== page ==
Anyway, it remains a mystery to me, why wages haven't gone up faster. However my less pro-immigration friends then proceed to the next phase of the argument: that (greedy!) corporations just want high-skilled immigration to import large-scale cheap intellectual labor and displace American workers. Well I have news for you, all the majors employ tons of people overseas; they don't need to import cheap intellectual labor since they have access to it already. Furthermore when they engage overseas labor markets, they build buildings and pay taxes, and their employees buy houses and haircuts in their local area. If those employees lived here, America would get those benefits.

America needs to wake up and realize that traveling halfway across the globe and leaving all your friends and family is an imposition, one that becomes less attractive every year as global labor opportunities and governance improve. Since the incentives to immigration are decreasing, we should look for ways to reduce the frictions associated with trying to immigrate.

Wednesday, February 18, 2015

Adversarial Scenarios and Economies of Scale

When I was too young to pay attention, relational databases transitioned
from an academic to an industrial technology. A few organizations ended up
making some high-performance engines, and the rest of us applied these
idiosyncratically to various problems. Now it looks like supervised
machine learning is undergoing a similar transition, where a few
organizations are making some high-performance implementations, and
the rest of us will leverage those implementations to solve problems.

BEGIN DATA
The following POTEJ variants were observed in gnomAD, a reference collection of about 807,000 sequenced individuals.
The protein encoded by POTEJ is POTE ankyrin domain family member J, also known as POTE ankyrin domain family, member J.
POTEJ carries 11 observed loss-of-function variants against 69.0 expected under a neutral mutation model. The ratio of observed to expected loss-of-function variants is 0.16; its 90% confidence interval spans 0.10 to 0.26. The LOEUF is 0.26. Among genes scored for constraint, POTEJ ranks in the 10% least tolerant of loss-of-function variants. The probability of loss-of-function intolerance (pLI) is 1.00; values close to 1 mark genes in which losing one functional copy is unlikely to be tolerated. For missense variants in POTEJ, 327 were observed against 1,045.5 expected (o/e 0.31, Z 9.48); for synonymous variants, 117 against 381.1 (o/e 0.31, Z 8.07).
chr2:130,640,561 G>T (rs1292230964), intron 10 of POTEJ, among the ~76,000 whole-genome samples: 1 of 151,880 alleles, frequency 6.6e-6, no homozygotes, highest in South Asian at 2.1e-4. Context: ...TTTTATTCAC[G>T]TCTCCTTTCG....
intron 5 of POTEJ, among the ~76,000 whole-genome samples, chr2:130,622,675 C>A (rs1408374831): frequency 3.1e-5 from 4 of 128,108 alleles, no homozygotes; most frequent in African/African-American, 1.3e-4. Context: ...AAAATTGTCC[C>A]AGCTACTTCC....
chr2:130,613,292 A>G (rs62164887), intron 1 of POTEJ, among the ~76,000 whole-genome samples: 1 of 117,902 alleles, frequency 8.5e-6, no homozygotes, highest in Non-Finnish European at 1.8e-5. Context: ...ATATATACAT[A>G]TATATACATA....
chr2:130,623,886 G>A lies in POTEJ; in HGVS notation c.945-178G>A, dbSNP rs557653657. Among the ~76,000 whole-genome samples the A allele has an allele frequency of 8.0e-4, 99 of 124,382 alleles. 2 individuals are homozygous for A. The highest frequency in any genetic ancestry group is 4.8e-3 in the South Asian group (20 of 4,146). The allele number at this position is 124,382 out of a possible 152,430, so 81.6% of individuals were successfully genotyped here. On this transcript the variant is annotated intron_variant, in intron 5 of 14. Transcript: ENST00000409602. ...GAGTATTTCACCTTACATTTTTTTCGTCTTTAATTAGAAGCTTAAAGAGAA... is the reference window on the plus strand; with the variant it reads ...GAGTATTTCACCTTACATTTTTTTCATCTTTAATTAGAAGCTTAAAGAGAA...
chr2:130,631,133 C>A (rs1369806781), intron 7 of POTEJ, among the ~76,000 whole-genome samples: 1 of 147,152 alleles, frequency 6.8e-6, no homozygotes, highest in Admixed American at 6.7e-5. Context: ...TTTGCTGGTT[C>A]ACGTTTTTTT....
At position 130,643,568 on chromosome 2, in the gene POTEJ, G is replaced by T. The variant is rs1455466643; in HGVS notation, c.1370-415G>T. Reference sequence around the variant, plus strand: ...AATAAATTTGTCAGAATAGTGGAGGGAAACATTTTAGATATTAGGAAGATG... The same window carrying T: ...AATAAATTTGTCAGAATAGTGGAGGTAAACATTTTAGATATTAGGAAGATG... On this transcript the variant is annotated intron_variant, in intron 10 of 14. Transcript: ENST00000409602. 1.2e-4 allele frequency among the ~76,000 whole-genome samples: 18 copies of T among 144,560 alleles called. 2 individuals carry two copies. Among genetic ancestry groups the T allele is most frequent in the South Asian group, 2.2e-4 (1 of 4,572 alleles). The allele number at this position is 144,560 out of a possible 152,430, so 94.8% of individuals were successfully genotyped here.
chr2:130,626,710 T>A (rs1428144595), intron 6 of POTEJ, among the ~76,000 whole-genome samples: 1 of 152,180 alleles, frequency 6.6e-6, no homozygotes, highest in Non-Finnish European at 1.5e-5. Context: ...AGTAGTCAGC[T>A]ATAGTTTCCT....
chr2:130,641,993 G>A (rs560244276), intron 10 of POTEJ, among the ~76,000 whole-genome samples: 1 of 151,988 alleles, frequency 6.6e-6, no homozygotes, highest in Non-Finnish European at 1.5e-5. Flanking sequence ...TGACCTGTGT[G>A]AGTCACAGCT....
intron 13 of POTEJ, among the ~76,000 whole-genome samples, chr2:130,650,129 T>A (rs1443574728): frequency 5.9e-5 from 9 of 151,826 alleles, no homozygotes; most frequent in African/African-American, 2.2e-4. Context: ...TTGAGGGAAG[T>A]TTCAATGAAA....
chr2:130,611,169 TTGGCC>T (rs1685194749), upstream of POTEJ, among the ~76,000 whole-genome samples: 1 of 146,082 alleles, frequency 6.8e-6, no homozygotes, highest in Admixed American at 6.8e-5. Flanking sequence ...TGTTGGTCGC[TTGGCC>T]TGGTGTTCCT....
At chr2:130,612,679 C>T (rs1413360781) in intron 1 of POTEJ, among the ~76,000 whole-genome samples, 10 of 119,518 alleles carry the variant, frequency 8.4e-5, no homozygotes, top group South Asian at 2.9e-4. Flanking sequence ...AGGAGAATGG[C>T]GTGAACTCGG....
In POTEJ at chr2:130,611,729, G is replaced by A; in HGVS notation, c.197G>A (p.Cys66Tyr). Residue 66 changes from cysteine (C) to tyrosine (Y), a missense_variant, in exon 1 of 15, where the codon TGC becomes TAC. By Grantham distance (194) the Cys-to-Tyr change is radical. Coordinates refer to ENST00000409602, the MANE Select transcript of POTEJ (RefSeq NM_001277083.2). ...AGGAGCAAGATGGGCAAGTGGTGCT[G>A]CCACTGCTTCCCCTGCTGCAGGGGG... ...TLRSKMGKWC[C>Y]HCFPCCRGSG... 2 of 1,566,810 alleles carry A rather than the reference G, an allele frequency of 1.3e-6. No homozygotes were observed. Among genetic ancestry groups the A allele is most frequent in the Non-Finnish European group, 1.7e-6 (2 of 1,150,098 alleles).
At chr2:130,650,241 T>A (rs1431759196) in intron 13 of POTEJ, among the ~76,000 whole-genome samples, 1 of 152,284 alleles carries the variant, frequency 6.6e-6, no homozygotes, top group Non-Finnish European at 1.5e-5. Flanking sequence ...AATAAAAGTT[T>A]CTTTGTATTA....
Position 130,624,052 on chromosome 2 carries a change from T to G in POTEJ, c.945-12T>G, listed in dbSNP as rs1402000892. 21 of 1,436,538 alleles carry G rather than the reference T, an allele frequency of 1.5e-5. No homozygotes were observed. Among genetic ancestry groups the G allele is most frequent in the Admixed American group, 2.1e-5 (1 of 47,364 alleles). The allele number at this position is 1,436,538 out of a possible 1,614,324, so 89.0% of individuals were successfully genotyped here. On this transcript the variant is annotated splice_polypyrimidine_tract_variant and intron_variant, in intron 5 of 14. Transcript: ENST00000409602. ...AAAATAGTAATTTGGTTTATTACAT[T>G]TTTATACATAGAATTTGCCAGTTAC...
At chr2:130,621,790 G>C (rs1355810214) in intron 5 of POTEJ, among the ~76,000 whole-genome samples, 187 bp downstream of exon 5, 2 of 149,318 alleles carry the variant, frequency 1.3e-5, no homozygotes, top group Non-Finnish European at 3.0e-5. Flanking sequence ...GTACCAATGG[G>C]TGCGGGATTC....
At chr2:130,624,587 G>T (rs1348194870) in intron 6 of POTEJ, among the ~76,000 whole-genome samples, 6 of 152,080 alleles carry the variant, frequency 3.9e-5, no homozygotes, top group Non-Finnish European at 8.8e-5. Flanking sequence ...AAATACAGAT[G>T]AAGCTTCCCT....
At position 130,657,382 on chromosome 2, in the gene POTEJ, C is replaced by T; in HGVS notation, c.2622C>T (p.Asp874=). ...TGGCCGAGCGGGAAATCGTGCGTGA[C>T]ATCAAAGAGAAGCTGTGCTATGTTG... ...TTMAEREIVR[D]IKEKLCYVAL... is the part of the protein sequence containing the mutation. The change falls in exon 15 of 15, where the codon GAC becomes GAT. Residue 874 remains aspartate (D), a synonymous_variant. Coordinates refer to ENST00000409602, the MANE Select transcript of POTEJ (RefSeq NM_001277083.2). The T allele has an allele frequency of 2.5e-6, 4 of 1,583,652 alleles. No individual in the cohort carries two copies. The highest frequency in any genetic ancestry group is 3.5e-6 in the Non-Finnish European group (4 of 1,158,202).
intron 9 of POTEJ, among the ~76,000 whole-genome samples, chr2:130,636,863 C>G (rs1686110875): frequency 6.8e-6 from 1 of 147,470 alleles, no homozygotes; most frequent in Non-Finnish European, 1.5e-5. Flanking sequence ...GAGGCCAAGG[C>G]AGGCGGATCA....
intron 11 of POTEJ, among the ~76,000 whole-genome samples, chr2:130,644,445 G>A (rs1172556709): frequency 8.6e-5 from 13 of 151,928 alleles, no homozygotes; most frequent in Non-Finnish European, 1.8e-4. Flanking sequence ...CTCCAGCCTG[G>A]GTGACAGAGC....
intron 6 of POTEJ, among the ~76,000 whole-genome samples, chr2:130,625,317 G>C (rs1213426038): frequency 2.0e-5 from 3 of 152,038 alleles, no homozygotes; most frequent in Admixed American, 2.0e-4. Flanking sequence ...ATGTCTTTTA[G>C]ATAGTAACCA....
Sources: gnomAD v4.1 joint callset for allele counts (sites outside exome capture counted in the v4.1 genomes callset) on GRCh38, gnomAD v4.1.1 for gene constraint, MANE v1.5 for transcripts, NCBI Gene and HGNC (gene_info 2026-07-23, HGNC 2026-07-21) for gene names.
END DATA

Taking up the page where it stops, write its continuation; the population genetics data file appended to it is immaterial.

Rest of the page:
Today's announcement of the general availability of Azure ML is one
step in this direction.

For other forms of machine learning, the end game is less clear. In
particular, consider adversarial problems such as filtering spam
emails, identifying bogus product reviews, or detecting
unauthorized data center intrusions. Is the best strategy for
(white hat) researchers to openly share techniques and tools?
On the one hand, it makes the good guys smarter; on the other hand,
it also informs the bad guys. The issues are similar to those
raised for biological research in the wake of 9/11, where
good arguments were made both for and against openness.

My prediction is inspired by the NSA and my own experience running
an email server in the 1990s. Regarding the former, what the NSA
did was hire a bunch of really smart people and then sequester them.
This gives the benefits of community (peer-review, collaboration,
etc.) while limiting the costs of disclosure. Regarding the latter,
I remember running my own email server became extremely inconvenient
as the arms race between spammers and defenders escalated. Eventually,
it was easier to defer my email needs to one of the major email providers.

Based upon this, I think there will only be a handful of datacenter
service (aka cloud computing) providers, because adversarial concerns will
become too complicated for all but the largest organizations. I think
this will primarily driven by organizations adopting the NSA strategy
of building walled communities of researchers, which provides increasing
returns to scale.

Here's a positive spin: as an entrepreneur, if you can identify an
adversarial problem developing in your business model (e.g., Yelp circa
2006 presumably discovered fake reviews were increasing), embrace it!
This can provide a defensive moat and/or improve your exit on acquisition.